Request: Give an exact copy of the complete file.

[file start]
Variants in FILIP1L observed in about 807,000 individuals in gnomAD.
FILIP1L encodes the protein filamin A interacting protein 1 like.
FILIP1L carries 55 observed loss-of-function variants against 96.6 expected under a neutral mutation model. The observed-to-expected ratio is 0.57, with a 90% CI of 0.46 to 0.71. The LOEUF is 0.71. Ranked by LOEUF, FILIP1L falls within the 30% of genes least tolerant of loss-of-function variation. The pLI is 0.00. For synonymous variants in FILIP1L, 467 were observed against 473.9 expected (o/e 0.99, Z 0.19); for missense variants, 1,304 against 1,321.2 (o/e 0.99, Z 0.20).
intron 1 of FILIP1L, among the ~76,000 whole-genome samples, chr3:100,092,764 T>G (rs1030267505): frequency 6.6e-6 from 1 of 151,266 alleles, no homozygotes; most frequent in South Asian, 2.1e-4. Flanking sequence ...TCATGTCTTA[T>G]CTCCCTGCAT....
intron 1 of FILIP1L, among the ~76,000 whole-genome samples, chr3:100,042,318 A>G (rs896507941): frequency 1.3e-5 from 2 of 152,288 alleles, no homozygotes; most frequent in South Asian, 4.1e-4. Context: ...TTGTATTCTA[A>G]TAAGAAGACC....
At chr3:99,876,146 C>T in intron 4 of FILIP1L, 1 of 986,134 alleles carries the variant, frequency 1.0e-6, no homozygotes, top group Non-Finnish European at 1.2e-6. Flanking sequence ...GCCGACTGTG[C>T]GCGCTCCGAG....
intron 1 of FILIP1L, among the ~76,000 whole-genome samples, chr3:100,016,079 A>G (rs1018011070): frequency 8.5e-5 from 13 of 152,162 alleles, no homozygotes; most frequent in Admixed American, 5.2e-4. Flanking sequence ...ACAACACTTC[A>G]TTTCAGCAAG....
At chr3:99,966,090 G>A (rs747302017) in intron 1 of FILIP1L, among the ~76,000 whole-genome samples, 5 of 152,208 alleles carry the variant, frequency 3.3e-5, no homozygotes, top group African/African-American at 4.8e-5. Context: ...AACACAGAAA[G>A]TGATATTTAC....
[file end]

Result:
Variants in FILIP1L observed in about 807,000 individuals in gnomAD.
FILIP1L encodes the protein filamin A interacting protein 1 like.
FILIP1L carries 55 observed loss-of-function variants against 96.6 expected under a neutral mutation model. The observed-to-expected ratio is 0.57, with a 90% CI of 0.46 to 0.71. The LOEUF is 0.71. Ranked by LOEUF, FILIP1L falls within the 30% of genes least tolerant of loss-of-function variation. The pLI is 0.00. For synonymous variants in FILIP1L, 467 were observed against 473.9 expected (o/e 0.99, Z 0.19); for missense variants, 1,304 against 1,321.2 (o/e 0.99, Z 0.20).
intron 1 of FILIP1L, among the ~76,000 whole-genome samples, chr3:100,092,764 T>G (rs1030267505): frequency 6.6e-6 from 1 of 151,266 alleles, no homozygotes; most frequent in South Asian, 2.1e-4. Flanking sequence ...TCATGTCTTA[T>G]CTCCCTGCAT....
intron 1 of FILIP1L, among the ~76,000 whole-genome samples, chr3:100,042,318 A>G (rs896507941): frequency 1.3e-5 from 2 of 152,288 alleles, no homozygotes; most frequent in South Asian, 4.1e-4. Context: ...TTGTATTCTA[A>G]TAAGAAGACC....
At chr3:99,876,146 C>T in intron 4 of FILIP1L, 1 of 986,134 alleles carries the variant, frequency 1.0e-6, no homozygotes, top group Non-Finnish European at 1.2e-6. Flanking sequence ...GCCGACTGTG[C>T]GCGCTCCGAG....
intron 1 of FILIP1L, among the ~76,000 whole-genome samples, chr3:100,016,079 A>G (rs1018011070): frequency 8.5e-5 from 13 of 152,162 alleles, no homozygotes; most frequent in Admixed American, 5.2e-4. Flanking sequence ...ACAACACTTC[A>G]TTTCAGCAAG....
At chr3:99,966,090 G>A (rs747302017) in intron 1 of FILIP1L, among the ~76,000 whole-genome samples, 5 of 152,208 alleles carry the variant, frequency 3.3e-5, no homozygotes, top group African/African-American at 4.8e-5. Context: ...AACACAGAAA[G>A]TGATATTTAC....